The Victorian Government has unveiled a new approach to cutting greenhouse gas emissions, announcing today it will bring on legislation to ensure net-zero pollution by 2050 through a series of five-year targets.
The legislation will be introduced later this year, but it’s unclear how deep the initial 2020 cuts will be. Despite this uncertainty, environmental groups have hailed the announcement.
“They are at least indicating the direction they want to go, and that is towards net zero emissions. We’re saying good on them for that,” said Cam Walker, campaigns director at Friends of the Earth.
He said it was an important step that the first emissions reduction target has been moved to 2020, rather than 2025 “because we need action now, not in 10 years”.
“The proof of the pudding on this, though, will be the legislation they’re going to table later in the year,” Walker said. “When we see that 2020 target, that will be the point you say either this has worked or it hasn’t.”
Chief Executive Officer at Environment Victoria, Mark Wakeham agreed that the state needs to see sharp cuts soon, but he said the headline figure of net-zero pollution by 2050 carries “some immediate implications”.
“Pursuing new coal or gas projects is inconsistent with a plan to decarbonise the economy: Instead we need to embrace our renewable energy resources,” Wakeham said.
— Daniel Andrews (@DanielAndrewsMP) June 9, 2016
The Labor party’s emissions reduction targets would be supported by a ‘pledge’ system known as Take2. It’s designed to bring together community and business, as well as government departments which will be expected to cut their own carbon pollution over time.
Today’s announcements follow from the recommendations of a major review of Victoria’s Climate Change Act, which the government endorsed almost in full. A series of other reviews – into renewables and coal mining, coal seam gas, and forestry – have also been set in motion, with new policy directions expected to be announced later this year.
In keeping with this new trajectory, Premier Daniel Andrews this morning heralded a new age where “Victoria is once again leading the nation when it comes to tackling climate change”.
Environmentalists say it’s too early to make that claim, arguing a strong Victorian Renewable Energy Target is an essential companion to any targets, and that the state’s (particularly dirty) coal industry must be phased out.
South Australia has also set a target of net-zero emissions by 2050.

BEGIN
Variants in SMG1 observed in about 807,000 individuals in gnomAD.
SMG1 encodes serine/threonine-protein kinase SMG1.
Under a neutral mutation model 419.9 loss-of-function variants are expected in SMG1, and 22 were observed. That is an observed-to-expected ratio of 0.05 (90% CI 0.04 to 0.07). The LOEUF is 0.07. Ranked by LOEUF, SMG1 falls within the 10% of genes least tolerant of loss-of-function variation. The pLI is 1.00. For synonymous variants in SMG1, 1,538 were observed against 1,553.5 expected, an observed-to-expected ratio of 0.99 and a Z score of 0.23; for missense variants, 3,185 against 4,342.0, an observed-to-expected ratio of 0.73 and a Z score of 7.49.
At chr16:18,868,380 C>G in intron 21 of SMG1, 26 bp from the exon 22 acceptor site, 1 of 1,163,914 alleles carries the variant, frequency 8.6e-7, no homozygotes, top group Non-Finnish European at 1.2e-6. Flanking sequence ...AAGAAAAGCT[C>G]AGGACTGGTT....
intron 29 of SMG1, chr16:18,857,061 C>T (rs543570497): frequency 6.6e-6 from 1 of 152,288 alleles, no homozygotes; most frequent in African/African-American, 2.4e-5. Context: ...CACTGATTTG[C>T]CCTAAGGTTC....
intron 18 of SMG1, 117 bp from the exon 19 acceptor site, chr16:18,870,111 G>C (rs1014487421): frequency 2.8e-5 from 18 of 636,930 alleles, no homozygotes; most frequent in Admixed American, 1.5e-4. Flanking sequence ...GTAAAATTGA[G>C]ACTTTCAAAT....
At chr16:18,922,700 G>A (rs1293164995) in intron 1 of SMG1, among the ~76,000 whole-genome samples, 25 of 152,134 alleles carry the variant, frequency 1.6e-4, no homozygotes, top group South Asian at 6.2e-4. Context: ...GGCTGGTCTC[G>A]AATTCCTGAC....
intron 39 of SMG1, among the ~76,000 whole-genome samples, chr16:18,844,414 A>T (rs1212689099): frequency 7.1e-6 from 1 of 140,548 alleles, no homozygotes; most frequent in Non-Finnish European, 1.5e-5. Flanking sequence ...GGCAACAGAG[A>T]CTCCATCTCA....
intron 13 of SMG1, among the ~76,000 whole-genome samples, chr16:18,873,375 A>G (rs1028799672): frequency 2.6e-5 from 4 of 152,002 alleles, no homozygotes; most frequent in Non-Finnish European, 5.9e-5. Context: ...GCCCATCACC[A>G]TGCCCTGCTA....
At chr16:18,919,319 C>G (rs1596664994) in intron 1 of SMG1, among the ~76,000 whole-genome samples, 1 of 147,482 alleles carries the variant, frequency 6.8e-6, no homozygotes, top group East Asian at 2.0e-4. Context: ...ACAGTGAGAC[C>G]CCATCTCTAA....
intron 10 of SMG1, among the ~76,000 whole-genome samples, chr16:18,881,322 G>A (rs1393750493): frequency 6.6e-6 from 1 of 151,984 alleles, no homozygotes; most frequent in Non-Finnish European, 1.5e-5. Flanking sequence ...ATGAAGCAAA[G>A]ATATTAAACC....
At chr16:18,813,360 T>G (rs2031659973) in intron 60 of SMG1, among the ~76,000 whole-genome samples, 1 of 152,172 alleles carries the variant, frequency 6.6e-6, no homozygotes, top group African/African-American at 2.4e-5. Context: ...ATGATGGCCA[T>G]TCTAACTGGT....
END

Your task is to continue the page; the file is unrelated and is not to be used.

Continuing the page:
The Greens agree that coal mining and energy production must be rolled back as a matter of priority, and state Climate Change spokesperson Ellen Sandell criticised the government for being too slow to act.
“Setting a process to do something off into the future is not really good enough at this stage,” she said. “Yes we have this long-term target, but it seems like they’re pushing all the hard action past the next election, [and]past the election after that”.
Despite being disappointed with the pace of change, Sandell said the Greens’ approach “is always to take steps forward on the issues we care about”. The government will almost certainly need Greens’ votes when it seeks to legislate its plan later this year.
With Greens support, the Labor party would need to win over two out of five other upper house members. It seems unlikely they can bank on the support of the Victorian Liberal party.
In a statement to media the Opposition has attacked the government’s announcement, claiming “Daniel Andrews is so desperate to save his own job that he is prepared for thousands of Victorians to lose theirs”.
“The Andrews Government’s target to eliminate all coal-fired electricity in Victoria will cost thousands of jobs and jack-up the electricity bills of every single home and business,” the statement said.
“The Andrews Government is in complete disarray, announcing new disasters to cover up existing disasters, without any care for people’s jobs or cost of living.”
For Mark Wakeham, the alternative to not phasing out coal is the bigger issue.
“Since the independent review of the Climate Change Act was completed late last year, we’ve seen an unseasonably early bushfire devastate Wye River in the Otways and unprecedented fires destroy ancient forests in Tasmania,” he said.
“We’re now seeing the Great Barrier Reef bleach and die before our eyes.
“Internationally, we’re seeing record low ice levels in the Arctic, with the possibility of no sea ice this northern summer – a tipping point that was thought to be decades away. Each month this year has been the hottest on record globally.
“This is all consistent with a frightening shift in how the Earth is responding to the climate pollution we’re creating. The time for action and leadership is now.”
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